The digestive system is home to thousands of strains of beneficial bacteria that help to break down foods that are resistant to normal digestion, which allows a person to obtain more nutrients from food. The bacteria in the digestive system also help keep the growth of other, potentially harmful, bacteria at bay – thus promoting healthy digestion.
While the idea of consuming bacteria in the diet may not sound appealing, the probiotic bacteria found in yogurt and other fermented foods can promote digestive health. Aside from yogurt, eat fermented soy products (miso, tempeh, kefir), as well as pickled foods like cucumber pickles, sauerkraut and kimchi.
Get regular exercise
Exercise is also good for the smooth muscles of your digestive tract. Exercise stimulates the muscles to contract, which keeps things “moving along”. Exercise is also a great way to relieve your body of stress, which makes it particularly good for those whose digestive systems act up when they get stressed out.
Don’t go too long without eating
When you go too long without eating, a couple of things are likely to happen. You’ll eat quickly because you’re so hungry, and you’ll eat too much, because you’re starving. Either way, you could end up with some kind of indigestion. Your digestive system is likely to be a lot happier if you eat regular meals and snacks throughout the day.
Take your time when making dietary changes
Often time when people are bothered by gas, they figure the best thing to do is to eliminate ‘gassy’ foods like beans or broccoli from their diet. But rather than eliminating these healthy foods, try eating just small amounts over several days to give your system time to adjust. Similarly, if you’re trying to add more fiber to your diet, work your way up to the recommended 25-30 grams of fiber gradually.
Take your time eating and eliminating
When you eat too fast, not only does it lessen the enjoyment of your meal, you’re also more likely to swallow air, which can lead to gas build up and bloating. When you eat too quickly, you’re more likely to overeat too, since it takes for the stomach about 20 minutes to tell the brain that it’s full. This can lead to further digestive discomfort. Lastly, when nature calls, act on it immediately. Too many people put off visits to the restroom if the urge to “go” strikes at an inconvenient time. Sure, the urge may pass, but if you put it off, you’re more likely to have trouble getting the job done.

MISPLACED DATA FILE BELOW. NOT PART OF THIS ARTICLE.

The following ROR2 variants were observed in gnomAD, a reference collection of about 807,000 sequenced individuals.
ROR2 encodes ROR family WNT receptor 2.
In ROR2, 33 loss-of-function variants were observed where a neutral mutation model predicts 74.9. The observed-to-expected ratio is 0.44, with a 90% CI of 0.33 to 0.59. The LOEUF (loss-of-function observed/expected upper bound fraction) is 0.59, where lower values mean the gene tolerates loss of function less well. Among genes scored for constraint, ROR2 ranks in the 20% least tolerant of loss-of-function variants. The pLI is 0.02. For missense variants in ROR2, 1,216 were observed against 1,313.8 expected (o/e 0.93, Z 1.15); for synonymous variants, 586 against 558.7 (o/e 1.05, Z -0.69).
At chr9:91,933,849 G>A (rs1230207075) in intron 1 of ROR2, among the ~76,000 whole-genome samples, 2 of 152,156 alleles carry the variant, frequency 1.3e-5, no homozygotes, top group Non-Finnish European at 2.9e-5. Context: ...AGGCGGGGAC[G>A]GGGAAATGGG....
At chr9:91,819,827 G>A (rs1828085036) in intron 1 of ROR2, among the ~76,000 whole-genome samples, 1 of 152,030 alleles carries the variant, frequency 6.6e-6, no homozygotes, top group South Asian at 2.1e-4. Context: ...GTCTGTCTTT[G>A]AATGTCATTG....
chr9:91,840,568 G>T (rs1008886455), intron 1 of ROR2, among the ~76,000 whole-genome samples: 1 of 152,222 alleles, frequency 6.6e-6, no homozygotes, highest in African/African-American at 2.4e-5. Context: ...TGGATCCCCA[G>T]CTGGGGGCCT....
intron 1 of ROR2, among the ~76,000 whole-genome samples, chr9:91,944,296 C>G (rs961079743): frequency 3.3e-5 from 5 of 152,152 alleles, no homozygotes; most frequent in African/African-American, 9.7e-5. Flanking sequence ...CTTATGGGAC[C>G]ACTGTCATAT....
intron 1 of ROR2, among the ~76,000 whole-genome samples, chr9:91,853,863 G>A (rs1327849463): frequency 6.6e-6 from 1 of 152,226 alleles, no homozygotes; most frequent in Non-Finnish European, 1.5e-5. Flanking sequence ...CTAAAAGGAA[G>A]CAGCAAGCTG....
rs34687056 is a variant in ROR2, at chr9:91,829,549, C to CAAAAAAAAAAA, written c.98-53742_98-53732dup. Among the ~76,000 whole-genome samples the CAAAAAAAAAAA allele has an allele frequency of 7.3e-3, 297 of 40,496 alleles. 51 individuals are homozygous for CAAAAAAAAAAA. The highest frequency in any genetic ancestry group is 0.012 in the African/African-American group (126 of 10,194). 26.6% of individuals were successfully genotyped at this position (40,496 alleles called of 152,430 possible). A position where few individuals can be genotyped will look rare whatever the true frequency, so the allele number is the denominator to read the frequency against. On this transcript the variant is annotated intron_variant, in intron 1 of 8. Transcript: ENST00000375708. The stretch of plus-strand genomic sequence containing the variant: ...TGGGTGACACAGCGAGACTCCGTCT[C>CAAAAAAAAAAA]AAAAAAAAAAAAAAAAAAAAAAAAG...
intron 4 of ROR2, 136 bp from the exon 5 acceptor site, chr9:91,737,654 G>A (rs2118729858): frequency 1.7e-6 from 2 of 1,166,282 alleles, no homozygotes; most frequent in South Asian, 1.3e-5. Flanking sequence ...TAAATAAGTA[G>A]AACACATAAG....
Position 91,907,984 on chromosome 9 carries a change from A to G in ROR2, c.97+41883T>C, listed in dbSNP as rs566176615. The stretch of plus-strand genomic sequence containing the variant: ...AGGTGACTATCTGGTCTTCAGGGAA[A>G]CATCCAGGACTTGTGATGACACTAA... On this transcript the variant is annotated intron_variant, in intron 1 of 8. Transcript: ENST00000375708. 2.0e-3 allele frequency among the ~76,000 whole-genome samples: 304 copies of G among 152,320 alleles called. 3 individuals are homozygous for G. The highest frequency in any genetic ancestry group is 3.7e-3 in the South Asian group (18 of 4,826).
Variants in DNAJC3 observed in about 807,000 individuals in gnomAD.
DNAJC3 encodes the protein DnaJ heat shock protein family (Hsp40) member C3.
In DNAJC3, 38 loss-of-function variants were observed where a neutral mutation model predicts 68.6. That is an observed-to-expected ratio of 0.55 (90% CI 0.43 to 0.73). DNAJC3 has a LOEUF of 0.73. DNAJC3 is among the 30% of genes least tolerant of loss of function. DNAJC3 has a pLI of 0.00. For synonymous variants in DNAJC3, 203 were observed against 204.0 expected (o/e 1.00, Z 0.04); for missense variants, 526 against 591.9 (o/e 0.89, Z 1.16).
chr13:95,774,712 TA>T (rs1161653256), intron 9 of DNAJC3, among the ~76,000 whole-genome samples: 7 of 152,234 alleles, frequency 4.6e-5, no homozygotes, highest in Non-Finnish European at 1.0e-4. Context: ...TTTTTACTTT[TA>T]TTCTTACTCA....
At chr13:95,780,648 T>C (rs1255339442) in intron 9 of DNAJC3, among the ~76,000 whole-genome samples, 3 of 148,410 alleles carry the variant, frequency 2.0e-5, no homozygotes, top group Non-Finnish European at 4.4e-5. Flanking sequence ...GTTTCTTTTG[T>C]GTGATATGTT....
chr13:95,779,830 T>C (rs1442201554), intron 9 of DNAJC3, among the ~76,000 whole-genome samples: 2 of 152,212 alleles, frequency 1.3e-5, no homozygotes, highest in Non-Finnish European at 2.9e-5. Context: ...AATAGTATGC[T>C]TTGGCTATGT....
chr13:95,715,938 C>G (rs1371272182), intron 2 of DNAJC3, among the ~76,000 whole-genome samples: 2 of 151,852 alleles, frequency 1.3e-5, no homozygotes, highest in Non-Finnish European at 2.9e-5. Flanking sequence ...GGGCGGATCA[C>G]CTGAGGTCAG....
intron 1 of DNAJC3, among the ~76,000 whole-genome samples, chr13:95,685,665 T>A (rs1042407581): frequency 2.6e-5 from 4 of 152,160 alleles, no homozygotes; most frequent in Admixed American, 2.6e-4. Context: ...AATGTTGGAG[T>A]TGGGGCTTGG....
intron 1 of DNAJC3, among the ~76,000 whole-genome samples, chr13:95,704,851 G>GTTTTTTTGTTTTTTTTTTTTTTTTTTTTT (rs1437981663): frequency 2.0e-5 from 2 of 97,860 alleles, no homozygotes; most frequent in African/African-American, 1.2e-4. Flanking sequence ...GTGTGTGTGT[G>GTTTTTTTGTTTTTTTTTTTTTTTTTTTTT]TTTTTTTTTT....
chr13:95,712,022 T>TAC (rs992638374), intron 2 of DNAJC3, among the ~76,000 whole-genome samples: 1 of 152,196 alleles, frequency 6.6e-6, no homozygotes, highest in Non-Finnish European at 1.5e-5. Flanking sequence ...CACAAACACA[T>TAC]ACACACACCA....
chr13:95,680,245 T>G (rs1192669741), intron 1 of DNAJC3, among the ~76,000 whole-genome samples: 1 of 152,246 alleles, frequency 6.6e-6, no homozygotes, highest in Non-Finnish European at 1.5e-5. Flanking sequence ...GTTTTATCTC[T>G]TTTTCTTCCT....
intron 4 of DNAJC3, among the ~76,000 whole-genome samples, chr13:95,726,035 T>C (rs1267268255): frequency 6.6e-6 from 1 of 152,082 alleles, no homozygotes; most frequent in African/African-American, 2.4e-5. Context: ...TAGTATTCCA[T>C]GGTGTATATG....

Meet your fluid needs
Fluid helps the fibers in foods to “swell” and helps to add more bulk to the material passing through the lower digestive tract, which keeps things running smoothly. Watery fruits and vegetables go a long way in meeting fluid needs, but it’s still important to drink fluid throughout the day, too.
Try drinking a beverage drink infused with aloe vera, for instance, the Herbal Concentrate Aloe Mango, which is made from raw and certified organic aloe barbadensis leaves grown in Mexico. It is easy to prepare. Using one glass, mix the capfuls (15ml) of Herbal Aloe Concentrate with ½ cup (120ml) of water. Just include it in your daily regimen to support healthy digestion.